For demonstration purposes, a research paper 'Attention is all you need' was processed using this code, and made searchable. Upon querying the database, "What optimization technique is used?", the database returns the correct page number along with the text defining the technique.

docs = vectordb.similarity_search(query="What optimization technique is used?", k=2)
for doc in docs:

Question Answering with GPT

To improve the output of our program, we can use one of the many available GPT integrations. We will be using the AzureOpenAI LLM integration in LangChain, but you may use any other LLMs available here.

qa_chain = RetrievalQA.from_chain_type(
    llm = AzureOpenAI(deployment_name="Text-Davinci"),
    retriever=vectordb.as_retriever(search_kwargs={'k': 3}),

Here we have initialized a LangChain RetrievalQA Chain object that we will use for the question answering. The vector database has been passed to it for document retrieval, and the Text-Davinci LLM from OpenAI is used.

Now if we ask it any questions, it will provide more human readable, and structured answers, as well as the source documents(along with page numbers) for citation.

out = qa_chain({'query': 'What optimization technique is used in the paper?'})
{'query': 'What optimization technique is used in the paper?',
 'result': ' The paper uses the Adam optimizer with β1= 0.9, β2 = 0.98 and ϵ= 10−9.',
 'source_documents': [Document(page_content='he paper, each training step took about 0.4 seconds. We\ntrained the base models for a total of 100,000 steps or 12 hours. For our big models,(described on the\nbottom line of table 3), step time was 1.0 seconds. The big models were trained for 300,000 steps\n(3.5 days).\n5.3 Optimizer\nWe used the Adam optimizer [ 17] withβ1= 0.9,β2= 0.98andϵ= 10−9. We varied the learning\nrate over the course of training, according to the formula:\nlrate =d−0.5\nmodel·min(step_num−0.5,step _num·warmup _steps−1.5) (3)\n', metadata={'page_num': 7}),
  Document(page_content='by one position, ensures that the\npredictions for position ican depend only on the known outputs at positions less than i.\n3.2 Attention\nAn attention function can be described as mapping a query and a set of key-value pairs to an output,\nwhere the query, keys, values, and output are all vectors. The output is computed as a weighted sum\nof the values, where the weight assigned to each value is computed by a compatibility function of the\nquery with the corresponding key.\n3.2.1 Scaled Dot-Product A', metadata={'page_num': 3}),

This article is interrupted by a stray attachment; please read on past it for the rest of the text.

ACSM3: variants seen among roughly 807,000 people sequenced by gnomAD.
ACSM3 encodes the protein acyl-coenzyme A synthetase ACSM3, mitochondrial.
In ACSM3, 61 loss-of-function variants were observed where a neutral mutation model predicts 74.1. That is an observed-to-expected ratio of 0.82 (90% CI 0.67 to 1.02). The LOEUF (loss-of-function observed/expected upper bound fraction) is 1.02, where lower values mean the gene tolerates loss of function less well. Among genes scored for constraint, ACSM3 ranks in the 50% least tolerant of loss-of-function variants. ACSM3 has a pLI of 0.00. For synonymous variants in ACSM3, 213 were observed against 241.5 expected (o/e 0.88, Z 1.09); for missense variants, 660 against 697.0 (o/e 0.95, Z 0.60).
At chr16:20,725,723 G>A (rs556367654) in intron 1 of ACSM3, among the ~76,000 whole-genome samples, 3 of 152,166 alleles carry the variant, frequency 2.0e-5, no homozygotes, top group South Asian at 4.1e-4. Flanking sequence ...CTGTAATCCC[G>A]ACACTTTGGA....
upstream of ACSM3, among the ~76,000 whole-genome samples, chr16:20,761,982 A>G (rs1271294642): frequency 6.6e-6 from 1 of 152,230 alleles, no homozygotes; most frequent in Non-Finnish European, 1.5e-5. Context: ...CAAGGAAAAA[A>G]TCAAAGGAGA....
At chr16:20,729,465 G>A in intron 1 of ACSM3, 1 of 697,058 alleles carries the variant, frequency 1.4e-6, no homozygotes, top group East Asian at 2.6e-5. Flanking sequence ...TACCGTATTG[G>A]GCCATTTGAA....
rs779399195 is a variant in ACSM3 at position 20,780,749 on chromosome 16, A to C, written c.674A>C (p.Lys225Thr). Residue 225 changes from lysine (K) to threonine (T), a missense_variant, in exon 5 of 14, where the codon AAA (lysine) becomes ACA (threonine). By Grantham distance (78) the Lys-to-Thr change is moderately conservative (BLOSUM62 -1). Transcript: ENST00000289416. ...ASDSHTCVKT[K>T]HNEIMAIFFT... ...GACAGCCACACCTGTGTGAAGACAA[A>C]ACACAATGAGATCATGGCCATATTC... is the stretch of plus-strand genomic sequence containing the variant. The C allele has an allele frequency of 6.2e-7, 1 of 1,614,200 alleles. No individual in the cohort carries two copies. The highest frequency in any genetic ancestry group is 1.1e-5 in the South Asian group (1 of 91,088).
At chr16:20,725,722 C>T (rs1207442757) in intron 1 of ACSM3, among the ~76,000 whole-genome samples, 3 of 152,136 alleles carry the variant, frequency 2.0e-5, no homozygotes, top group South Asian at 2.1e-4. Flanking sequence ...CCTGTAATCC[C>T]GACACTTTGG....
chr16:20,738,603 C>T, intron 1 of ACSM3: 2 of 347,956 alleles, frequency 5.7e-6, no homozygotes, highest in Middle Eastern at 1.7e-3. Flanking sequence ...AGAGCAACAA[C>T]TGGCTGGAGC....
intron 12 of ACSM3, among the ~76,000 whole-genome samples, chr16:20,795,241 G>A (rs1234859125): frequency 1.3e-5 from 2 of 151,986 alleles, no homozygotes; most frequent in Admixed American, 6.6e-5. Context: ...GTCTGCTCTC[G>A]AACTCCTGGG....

Document(page_content='s, where the weight assigned to each value is computed by a compatibility function of the\nquery with the corresponding key.\n3.2.1 Scaled Dot-Product Attention\nWe call our particular attention "Scaled Dot-Product Attention" (Figure 2). The input consists of\nqueries and keys of dimension dk, and values of dimension dv. We compute the dot products of the\n3', metadata={'page_num': 3})]}

The code for this is available as a Colab notebook here.

Exercise for reader

Now that you've completed the tutorial on making PDFs searchable using LangChain, it's time to enhance the program further with some exciting exercises!

  1. Meaningful Preprocessing: The program we developed lacks meaningful preprocessing, treating all text the same way. Challenge yourself to implement smart preprocessing techniques to handle different text types, such as table of contents, citations, and references. This will improve the accuracy and relevance of search results.
  2. Beyond Text Extraction: PDFs often contain images, tables, and graphics. Extend the program's capabilities to not only extract text but also index and search content from images and tables using advanced techniques like image embeddings. Embrace the challenge of making all elements within the PDF searchable and accessible.

Remember, these exercises will elevate your PDF processing skills and make your documents even more intelligent and user-friendly. Happy coding, and have fun exploring the endless possibilities with LangChain!


In this article, we explored how to make PDFs searchable using LangChain. We learned about the power of embeddings and vectors, enabling us to efficiently locate specific information in documents. By leveraging LangChain's ChromaDB module and the "sentence-bert" model, we built an efficient vector database for indexing and querying. Additionally, we discussed the potential for advanced techniques like image embeddings and GPT integration to enhance document processing further. With LangChain, the possibilities are limitless, and you can now unlock the full potential of AI-driven solutions in document management and beyond. Happy exploring!